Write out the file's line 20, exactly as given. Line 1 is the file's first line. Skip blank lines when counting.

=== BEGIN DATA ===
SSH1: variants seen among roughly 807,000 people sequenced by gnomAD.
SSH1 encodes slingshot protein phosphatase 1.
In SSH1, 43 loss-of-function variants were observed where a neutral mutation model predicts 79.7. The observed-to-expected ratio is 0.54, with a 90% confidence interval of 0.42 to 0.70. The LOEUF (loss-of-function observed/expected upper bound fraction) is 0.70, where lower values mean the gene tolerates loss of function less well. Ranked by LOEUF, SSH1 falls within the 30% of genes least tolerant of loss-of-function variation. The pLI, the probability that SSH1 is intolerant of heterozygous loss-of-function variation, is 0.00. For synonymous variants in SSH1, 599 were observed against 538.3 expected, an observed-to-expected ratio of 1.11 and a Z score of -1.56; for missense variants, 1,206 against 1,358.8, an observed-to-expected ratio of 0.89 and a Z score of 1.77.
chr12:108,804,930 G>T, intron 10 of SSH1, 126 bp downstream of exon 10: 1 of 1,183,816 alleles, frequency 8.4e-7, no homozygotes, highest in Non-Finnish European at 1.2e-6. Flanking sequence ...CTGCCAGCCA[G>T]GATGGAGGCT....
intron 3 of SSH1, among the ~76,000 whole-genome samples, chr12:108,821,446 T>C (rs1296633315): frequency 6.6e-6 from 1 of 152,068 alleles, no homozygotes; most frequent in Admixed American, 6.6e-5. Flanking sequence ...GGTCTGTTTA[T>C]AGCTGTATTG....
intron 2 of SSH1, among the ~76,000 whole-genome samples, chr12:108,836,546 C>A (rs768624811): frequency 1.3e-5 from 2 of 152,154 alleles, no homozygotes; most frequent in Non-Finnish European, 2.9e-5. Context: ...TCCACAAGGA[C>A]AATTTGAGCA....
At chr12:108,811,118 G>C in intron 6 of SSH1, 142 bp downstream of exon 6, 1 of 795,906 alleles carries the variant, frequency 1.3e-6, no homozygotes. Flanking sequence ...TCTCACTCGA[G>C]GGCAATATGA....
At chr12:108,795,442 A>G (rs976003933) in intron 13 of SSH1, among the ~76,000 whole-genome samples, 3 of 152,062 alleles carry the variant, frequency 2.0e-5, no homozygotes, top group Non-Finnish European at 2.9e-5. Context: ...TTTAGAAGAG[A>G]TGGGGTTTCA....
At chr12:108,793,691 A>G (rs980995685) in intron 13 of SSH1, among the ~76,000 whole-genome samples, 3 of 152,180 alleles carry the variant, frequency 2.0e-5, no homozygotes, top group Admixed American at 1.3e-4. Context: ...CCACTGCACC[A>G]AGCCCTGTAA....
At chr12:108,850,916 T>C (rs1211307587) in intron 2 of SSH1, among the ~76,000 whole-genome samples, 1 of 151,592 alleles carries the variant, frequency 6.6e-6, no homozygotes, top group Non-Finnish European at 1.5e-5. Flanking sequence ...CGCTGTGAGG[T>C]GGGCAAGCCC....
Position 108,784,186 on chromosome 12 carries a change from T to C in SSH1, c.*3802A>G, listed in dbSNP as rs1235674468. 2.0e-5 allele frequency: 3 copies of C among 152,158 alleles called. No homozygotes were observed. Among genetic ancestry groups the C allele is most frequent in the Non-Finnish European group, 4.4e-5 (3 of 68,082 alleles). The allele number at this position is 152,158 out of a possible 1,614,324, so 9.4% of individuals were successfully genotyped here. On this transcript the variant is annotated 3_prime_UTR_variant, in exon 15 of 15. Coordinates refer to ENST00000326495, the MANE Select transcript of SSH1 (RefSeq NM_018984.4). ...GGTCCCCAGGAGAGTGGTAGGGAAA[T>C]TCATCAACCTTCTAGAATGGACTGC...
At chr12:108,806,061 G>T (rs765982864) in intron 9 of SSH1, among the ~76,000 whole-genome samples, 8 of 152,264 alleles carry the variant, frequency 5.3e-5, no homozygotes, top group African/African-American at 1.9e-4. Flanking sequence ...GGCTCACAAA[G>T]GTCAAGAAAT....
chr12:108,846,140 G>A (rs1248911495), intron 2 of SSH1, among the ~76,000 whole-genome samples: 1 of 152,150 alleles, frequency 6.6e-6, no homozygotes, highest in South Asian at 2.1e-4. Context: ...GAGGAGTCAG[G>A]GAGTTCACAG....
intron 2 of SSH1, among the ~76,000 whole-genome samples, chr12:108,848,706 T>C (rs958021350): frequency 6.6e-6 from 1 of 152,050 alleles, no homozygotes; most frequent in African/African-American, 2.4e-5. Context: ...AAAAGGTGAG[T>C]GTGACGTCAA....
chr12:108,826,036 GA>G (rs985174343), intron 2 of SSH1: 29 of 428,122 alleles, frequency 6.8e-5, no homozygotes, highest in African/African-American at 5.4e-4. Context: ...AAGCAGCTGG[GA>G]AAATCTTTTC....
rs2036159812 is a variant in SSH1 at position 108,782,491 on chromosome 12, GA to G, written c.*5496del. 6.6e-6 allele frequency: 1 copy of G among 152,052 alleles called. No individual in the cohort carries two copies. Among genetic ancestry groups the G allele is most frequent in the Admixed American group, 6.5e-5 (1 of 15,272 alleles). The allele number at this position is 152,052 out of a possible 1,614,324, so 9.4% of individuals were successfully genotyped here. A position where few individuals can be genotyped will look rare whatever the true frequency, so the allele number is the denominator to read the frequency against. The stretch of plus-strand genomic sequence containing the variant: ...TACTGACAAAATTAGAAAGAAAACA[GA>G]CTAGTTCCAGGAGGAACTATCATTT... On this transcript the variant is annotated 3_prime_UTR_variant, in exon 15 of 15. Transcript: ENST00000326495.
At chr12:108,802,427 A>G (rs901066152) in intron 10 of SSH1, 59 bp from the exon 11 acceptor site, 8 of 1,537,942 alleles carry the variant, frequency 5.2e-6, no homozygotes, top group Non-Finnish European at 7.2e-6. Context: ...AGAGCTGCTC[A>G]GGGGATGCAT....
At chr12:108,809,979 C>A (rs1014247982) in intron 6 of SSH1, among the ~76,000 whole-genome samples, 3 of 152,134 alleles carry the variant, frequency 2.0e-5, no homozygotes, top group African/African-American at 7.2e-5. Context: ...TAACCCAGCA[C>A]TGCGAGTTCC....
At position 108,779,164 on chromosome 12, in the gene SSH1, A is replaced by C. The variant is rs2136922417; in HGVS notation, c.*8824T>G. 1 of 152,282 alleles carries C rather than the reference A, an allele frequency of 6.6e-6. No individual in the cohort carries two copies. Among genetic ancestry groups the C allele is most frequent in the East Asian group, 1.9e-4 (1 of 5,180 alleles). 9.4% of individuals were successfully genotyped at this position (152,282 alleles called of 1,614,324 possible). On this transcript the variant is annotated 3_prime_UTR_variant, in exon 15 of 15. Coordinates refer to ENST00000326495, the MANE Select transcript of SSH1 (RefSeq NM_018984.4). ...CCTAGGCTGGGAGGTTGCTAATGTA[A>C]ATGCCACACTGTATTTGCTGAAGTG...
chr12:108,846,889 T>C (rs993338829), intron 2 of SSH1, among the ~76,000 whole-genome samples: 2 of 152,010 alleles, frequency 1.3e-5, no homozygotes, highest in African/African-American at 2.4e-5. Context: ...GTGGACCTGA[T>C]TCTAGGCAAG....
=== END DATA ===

chr12:108,846,889 T>C (rs993338829), intron 2 of SSH1, among the ~76,000 whole-genome samples: 2 of 152,010 alleles, frequency 1.3e-5, no homozygotes, highest in African/African-American at 2.4e-5. Context: ...GTGGACCTGA[T>C]TCTAGGCAAG....